Forces News has been given special access to Imjin Barracks - one of Britain's leading contributions to NATO.
The Gloucestershire Barracks are home to the alliance's Allied Rapid Reaction Corps (ARRC), made up of 60% British soldiers.
Founded in 1992, British soldiers work alongside military personnel from 23 nations including the US, Spain, France and Denmark.
In the past, the ARRC have been deployed to Bosnia, Kosovo and twice to Afghanistan in a variety of different roles
They are described as a rapidly deployable regiment, ready to respond to crises or NATO operations.
Colonel Dickie Head, Chief Ground Liaison Officer at the HQ, said:
"We provide a capability of command that can deliver a control function in different scenarios and theatres.
"For example, we could deploy to conduct operations not only high-intensity warfare to insist a nation with providing security in an area that's providing difficult for them to control."
If the ARRC are called into an operation, they can call on a pool of soldiers from across NATO member countriues.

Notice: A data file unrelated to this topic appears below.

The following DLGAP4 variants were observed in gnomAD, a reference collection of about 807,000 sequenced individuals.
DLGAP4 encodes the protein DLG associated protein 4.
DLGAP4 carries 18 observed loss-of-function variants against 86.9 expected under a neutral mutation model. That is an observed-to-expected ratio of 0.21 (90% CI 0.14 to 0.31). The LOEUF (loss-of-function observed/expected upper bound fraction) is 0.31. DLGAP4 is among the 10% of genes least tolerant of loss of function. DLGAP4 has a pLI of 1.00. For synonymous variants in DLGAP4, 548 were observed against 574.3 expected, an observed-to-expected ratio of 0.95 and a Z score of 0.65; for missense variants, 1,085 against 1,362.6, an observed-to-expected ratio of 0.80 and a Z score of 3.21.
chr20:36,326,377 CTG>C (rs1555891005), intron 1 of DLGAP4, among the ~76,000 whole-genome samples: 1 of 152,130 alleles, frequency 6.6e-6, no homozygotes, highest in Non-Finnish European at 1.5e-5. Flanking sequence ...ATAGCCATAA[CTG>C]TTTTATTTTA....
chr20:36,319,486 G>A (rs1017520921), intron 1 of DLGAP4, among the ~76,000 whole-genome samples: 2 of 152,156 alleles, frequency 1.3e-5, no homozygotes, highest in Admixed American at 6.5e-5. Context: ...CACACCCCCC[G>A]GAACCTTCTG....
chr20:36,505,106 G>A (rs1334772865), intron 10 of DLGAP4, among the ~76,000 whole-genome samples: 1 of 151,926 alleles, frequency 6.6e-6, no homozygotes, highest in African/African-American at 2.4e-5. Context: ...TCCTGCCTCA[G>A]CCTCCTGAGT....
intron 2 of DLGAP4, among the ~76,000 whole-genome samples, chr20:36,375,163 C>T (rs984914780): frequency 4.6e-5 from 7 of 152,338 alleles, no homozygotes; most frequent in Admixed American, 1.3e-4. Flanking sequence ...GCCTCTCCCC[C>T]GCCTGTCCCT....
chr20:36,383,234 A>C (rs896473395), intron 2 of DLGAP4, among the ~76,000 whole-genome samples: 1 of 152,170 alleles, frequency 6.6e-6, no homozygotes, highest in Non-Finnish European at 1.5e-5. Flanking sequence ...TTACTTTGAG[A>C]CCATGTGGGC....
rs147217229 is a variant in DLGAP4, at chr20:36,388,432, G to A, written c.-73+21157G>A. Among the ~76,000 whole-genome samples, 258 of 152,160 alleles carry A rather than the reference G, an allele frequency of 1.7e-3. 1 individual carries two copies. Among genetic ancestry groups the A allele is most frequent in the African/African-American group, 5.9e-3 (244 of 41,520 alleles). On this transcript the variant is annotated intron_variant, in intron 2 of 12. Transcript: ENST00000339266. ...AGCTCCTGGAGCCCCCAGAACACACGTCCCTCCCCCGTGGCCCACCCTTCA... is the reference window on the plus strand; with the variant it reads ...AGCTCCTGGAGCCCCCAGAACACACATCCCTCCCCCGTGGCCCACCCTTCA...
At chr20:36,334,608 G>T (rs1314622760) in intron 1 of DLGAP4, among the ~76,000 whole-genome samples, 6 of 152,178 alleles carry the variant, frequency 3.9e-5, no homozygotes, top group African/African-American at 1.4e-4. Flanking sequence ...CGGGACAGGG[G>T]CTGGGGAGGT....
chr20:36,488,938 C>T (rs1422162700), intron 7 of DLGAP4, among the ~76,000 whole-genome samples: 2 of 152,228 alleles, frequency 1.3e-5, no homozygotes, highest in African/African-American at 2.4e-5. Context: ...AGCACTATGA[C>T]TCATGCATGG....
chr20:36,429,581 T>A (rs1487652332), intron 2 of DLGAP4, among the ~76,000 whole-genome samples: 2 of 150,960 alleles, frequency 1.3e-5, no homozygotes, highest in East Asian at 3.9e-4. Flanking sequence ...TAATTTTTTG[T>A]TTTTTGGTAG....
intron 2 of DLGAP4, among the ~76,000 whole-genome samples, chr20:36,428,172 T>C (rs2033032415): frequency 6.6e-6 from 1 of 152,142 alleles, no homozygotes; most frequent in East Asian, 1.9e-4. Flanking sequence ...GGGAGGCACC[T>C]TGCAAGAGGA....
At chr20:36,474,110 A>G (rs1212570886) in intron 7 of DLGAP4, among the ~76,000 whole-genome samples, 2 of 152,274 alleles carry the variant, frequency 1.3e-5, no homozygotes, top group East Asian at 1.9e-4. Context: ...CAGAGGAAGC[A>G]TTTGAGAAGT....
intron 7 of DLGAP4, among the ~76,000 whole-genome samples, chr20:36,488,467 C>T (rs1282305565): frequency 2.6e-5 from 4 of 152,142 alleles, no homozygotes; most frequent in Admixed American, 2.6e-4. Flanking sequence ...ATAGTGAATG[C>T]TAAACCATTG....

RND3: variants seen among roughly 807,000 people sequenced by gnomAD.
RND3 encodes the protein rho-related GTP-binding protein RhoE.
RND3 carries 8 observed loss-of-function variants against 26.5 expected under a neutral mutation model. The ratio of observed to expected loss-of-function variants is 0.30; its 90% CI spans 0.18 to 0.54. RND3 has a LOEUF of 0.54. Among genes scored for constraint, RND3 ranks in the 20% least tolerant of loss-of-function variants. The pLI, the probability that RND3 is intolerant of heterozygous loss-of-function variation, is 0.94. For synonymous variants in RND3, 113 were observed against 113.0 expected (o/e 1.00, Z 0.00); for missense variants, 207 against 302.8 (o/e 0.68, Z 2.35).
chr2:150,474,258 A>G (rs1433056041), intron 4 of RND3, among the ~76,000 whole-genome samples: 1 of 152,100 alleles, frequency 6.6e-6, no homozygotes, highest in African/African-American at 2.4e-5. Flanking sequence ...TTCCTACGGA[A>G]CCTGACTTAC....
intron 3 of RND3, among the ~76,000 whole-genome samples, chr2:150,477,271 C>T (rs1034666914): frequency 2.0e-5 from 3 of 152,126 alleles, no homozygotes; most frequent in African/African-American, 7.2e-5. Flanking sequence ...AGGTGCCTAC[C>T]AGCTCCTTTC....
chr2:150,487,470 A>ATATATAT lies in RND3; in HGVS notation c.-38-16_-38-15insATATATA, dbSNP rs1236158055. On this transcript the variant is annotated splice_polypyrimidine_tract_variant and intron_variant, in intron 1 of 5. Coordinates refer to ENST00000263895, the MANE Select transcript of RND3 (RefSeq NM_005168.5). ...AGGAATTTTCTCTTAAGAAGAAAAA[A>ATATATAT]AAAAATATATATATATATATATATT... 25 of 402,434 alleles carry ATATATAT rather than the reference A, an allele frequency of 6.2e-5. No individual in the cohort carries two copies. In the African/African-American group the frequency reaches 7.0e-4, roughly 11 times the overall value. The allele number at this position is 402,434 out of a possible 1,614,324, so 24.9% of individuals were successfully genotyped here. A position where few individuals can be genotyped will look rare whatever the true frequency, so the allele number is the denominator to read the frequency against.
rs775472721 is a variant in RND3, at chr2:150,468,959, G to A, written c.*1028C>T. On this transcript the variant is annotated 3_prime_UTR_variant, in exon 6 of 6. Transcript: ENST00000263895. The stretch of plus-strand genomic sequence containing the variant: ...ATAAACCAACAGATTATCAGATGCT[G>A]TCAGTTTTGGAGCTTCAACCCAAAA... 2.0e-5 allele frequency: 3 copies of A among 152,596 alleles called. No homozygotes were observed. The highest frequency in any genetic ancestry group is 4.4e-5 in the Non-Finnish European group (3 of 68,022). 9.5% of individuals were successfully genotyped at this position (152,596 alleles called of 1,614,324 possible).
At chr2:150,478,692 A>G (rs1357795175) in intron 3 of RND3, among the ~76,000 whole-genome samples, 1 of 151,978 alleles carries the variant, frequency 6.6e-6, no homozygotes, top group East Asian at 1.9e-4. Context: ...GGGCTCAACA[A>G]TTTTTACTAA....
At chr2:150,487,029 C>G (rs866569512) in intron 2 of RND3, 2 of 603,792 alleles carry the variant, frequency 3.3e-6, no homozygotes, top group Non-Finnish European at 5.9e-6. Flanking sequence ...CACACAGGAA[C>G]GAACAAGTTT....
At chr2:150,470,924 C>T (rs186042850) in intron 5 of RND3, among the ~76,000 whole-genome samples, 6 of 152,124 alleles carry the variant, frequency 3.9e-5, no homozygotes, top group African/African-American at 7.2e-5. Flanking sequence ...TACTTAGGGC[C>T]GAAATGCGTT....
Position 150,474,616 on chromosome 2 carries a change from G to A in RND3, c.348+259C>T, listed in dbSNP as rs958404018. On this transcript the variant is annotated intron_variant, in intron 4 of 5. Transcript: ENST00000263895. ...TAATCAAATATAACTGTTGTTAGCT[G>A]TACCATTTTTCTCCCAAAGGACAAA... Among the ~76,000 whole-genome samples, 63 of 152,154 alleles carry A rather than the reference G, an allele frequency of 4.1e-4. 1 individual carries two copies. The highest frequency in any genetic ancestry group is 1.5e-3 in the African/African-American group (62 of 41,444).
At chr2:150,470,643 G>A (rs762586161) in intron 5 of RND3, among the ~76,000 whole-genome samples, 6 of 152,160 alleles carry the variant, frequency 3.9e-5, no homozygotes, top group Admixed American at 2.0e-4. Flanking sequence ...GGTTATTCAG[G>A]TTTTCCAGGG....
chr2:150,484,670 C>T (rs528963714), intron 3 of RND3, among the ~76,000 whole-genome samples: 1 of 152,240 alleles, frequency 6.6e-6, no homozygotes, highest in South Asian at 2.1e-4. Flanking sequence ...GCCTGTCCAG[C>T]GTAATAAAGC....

The NATO hierarchy decide what needs to be done and the ARRC carry it out.
They focus on rapid and reaction, dealing with threats as they emerge with necessary speed like their slogan: 'unified, integrated, ready'.
Colonel Head said: "On a professional level, there's a lot we can gain from this.
"It can be a little bit harder initially to staff your way through a problem, talking to 23 different nationalities.
"The combined effect when it's put into operation, to have a coherent argument and all the backing from those 23 nations is really, really effective."
NATO training exercises are diverse and tailored to help prepare the ARRC for whatever they might encounter while on operation.
Recently, the Corps took part in Exercise Yellow Cross in the Czech Republic - designed to test their ability to decontaminate or function in areas affected by Chemical, Biological, Radiological and Nuclear (CBRN) exposure.